The FAR Council has issued a final rule amending the Federal Acquisition Regulation (‘FAR”) to implement a section of the Small Business Jobs Act of 2010.  The new rule, which goes into effect on January 19, 2017, will require certain prime contractors to “self-report” to their contracting officers all reduced or untimely payments to their small business subcontractors within 14 days of when the payment was due and the reason for the reduced or untimely payment.

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Pentagon Wins Court Round on Disclosing Sikorsky Subcontracting Plans

Defense Department attorneys won an appeals court decision on Jan. 6 that denies a demand from a small business advocacy group that Sikorsky Aviation Corp. be required to disclose its subcontracting plan submitted under a long-standing Pentagon program.

The U.S. Court of Appeals for the 9th Circuit ruled against the Petaluma, Calif.-based American Small Business League, saying that forcing the helicopter maker to disclose its subcontracting plan would put it at a competitive disadvantage.

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Double Your Pleasure: GAO’s Annual Protest Report Shows Sustain Rate Almost Doubled, Effectiveness Rate Remained Flat

In mid-December, GAO issued its Bid Protest Annual Report to Congress for Fiscal Year 2016. The report reveals, among other things, that GAO’s protest sustain rate for this past fiscal year (“FY”) was 22.56%, almost double that of FY 2015.  While this is perhaps the most notable data point, the report once again provides a wealth of interesting information for the contractor community.

The Competition in Contracting Act requires that GAO report to Congress certain data concerning GAO’s handling of bid protests, including the number of protest filings and a summary of the most relevant grounds for sustaining protests.[1] Unpacking this data provides helpful insight to contractors considering whether or not to challenge a procurement award via a bid protest at GAO.  The report includes a chart comparing the statistics over the last five fiscal years; below we summarize some of the highlights for FY 2016:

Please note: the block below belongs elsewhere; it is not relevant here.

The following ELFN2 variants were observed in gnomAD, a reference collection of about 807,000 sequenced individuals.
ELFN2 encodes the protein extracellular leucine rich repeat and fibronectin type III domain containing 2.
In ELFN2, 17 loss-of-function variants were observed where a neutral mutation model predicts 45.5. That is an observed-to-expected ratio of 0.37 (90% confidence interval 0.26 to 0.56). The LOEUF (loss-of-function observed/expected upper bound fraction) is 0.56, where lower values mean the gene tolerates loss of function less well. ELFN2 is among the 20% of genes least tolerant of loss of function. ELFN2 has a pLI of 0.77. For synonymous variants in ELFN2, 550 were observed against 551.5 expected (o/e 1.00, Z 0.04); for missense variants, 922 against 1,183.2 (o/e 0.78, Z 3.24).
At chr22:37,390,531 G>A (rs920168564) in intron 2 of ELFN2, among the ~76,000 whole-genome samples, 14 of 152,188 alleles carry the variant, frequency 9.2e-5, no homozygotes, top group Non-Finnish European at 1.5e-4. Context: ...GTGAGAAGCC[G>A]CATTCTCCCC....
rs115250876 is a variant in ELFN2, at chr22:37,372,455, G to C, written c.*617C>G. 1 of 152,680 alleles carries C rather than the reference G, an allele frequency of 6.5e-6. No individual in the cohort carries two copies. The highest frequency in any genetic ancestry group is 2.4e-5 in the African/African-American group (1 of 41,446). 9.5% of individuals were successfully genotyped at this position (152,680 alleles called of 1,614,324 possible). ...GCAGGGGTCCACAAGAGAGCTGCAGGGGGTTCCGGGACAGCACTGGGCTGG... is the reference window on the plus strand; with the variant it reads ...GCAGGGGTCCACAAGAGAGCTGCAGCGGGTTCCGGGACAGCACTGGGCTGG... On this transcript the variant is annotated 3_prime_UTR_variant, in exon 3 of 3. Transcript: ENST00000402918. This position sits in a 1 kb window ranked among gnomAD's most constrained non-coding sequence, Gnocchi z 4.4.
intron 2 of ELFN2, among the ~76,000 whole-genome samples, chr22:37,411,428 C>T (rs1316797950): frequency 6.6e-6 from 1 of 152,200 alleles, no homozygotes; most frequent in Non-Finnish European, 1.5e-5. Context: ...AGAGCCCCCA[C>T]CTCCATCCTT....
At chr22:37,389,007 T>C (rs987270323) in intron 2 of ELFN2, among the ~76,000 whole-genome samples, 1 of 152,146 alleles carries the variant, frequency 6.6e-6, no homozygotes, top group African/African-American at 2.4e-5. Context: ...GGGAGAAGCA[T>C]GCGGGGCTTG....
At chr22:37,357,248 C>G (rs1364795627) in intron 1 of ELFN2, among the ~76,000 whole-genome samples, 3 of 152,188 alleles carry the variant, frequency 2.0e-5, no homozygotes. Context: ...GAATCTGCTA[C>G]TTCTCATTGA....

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What to make of the NDAA’s latest DOD reorgs

It might not be quite as dramatic as the breakup of AT&T, but the congressionally mandated split of the Department of Defense’s AT&L office is no small matter.

Currently, the DOD’s office of Acquisition, Technology and Logistics is headed by Undersecretary Frank Kendall, and his portfolio includes 17 different offices such as acquisition, research and engineering, logistics and material readiness and installations and environment.

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The FAR Council Wishes Contractors a Happy New ‘Privacy Training’

The FAR Council issued a final rule on December 20, 2016, amending the Federal Acquisition Regulation (FAR) to add FAR Subpart 24.3, requiring privacy training for all contractor employees who (1) access a system of records; (2) handle personally identifiable information (PII); or (3) design, develop, maintain, or operate a system of records. A “system of records” is a “group of any records under the control of any agency from which information is retrieved by the name of the individual or by some identifying number, symbol, or other identifying particular assigned to the individual.” 5 U.S.C. § 552a(a)(5); FAR 24.101.

These requirements apply to all contracts and flow down to all subcontracts involving access to a system of records. This includes commercial item contracts, contracts below the simplified acquisition threshold (SAT), and contracts for commercially available off-the-shelf (COTS) items.